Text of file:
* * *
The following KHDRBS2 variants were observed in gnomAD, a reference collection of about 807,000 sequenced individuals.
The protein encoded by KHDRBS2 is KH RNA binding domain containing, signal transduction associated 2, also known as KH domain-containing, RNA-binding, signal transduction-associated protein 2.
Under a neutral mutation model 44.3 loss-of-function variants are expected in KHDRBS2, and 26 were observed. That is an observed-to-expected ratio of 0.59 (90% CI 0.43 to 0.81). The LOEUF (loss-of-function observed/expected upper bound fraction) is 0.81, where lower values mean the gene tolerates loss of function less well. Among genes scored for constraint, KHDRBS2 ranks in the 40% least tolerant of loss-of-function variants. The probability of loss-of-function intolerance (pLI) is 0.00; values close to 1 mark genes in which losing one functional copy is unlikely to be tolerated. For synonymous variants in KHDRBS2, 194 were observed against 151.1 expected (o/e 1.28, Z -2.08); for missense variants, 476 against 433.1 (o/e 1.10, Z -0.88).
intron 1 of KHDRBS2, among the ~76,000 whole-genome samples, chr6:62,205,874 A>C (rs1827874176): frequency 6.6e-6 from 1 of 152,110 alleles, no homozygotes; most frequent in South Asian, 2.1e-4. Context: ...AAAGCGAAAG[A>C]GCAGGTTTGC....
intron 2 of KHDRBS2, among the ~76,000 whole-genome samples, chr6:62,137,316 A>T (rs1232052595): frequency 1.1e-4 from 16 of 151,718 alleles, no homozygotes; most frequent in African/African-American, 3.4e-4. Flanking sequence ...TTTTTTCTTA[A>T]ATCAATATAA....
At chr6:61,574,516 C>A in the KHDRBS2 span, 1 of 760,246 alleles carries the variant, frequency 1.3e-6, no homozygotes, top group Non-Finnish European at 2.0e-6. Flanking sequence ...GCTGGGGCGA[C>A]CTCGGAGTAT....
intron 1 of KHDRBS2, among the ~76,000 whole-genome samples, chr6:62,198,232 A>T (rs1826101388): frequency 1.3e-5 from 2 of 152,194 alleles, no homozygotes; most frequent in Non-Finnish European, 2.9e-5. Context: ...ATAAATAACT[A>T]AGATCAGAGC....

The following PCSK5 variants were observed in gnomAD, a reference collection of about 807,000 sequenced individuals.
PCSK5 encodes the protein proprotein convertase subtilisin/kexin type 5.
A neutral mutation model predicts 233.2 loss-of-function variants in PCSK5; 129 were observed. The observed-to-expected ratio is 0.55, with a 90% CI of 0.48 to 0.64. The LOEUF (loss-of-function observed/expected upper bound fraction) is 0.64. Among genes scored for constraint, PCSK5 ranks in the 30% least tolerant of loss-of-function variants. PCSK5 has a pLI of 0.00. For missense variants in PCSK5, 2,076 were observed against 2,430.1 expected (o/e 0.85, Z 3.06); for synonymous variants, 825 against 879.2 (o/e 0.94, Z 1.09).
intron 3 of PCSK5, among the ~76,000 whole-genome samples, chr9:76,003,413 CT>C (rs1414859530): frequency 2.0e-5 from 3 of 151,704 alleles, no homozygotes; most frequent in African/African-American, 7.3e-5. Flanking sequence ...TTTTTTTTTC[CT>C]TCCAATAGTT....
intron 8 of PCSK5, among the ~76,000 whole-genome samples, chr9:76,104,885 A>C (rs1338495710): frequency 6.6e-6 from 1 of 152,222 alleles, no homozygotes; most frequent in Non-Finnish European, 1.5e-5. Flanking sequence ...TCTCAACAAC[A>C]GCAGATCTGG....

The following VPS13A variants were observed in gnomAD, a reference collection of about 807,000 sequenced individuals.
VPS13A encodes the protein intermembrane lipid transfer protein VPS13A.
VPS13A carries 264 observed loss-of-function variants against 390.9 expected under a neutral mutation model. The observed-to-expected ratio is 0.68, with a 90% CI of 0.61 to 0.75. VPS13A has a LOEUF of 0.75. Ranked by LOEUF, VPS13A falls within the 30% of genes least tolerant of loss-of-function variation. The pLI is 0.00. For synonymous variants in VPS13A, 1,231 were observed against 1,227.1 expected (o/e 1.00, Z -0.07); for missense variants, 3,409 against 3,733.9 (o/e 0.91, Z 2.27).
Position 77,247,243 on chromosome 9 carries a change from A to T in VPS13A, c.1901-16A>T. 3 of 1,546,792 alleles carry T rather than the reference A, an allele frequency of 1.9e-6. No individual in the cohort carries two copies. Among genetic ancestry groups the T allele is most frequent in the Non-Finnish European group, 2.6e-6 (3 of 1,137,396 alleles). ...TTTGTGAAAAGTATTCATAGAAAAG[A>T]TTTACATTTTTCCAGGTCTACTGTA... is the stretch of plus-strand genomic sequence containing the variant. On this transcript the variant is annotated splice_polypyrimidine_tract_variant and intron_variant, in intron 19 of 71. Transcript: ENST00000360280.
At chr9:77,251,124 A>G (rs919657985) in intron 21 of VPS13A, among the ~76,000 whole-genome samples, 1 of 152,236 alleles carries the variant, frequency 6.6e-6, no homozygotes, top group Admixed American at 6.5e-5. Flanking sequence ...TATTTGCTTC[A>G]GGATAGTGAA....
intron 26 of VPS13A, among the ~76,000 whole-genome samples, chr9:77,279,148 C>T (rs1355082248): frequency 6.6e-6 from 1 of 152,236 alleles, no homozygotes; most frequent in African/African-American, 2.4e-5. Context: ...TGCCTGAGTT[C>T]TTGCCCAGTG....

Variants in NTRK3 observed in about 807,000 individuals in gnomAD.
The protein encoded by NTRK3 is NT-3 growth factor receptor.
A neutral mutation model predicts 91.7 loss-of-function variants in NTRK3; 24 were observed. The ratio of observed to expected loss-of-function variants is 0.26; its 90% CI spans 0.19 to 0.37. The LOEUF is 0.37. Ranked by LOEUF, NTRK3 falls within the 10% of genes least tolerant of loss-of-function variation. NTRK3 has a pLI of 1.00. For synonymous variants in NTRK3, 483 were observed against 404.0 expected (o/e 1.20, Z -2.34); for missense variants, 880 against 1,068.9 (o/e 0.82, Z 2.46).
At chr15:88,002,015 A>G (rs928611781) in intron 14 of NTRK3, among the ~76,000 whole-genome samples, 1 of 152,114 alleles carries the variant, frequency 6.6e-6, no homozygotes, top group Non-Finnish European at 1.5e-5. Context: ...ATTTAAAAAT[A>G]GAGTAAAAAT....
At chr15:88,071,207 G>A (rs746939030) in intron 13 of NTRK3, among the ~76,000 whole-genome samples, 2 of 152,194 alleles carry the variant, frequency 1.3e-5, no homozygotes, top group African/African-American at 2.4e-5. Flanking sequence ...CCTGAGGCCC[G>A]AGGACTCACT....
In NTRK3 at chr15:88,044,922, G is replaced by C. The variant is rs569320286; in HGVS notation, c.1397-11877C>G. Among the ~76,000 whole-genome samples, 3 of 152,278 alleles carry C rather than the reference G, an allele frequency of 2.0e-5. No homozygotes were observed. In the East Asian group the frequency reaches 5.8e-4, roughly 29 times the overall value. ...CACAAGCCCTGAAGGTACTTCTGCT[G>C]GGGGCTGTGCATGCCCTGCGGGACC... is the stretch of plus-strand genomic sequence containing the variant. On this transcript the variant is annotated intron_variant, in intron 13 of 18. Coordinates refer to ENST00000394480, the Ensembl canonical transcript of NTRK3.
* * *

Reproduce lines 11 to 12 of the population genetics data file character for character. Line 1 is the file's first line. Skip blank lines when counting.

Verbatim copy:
intron 3 of PCSK5, among the ~76,000 whole-genome samples, chr9:76,003,413 CT>C (rs1414859530): frequency 2.0e-5 from 3 of 151,704 alleles, no homozygotes; most frequent in African/African-American, 7.3e-5. Flanking sequence ...TTTTTTTTTC[CT>C]TCCAATAGTT....
intron 8 of PCSK5, among the ~76,000 whole-genome samples, chr9:76,104,885 A>C (rs1338495710): frequency 6.6e-6 from 1 of 152,222 alleles, no homozygotes; most frequent in Non-Finnish European, 1.5e-5. Flanking sequence ...TCTCAACAAC[A>C]GCAGATCTGG....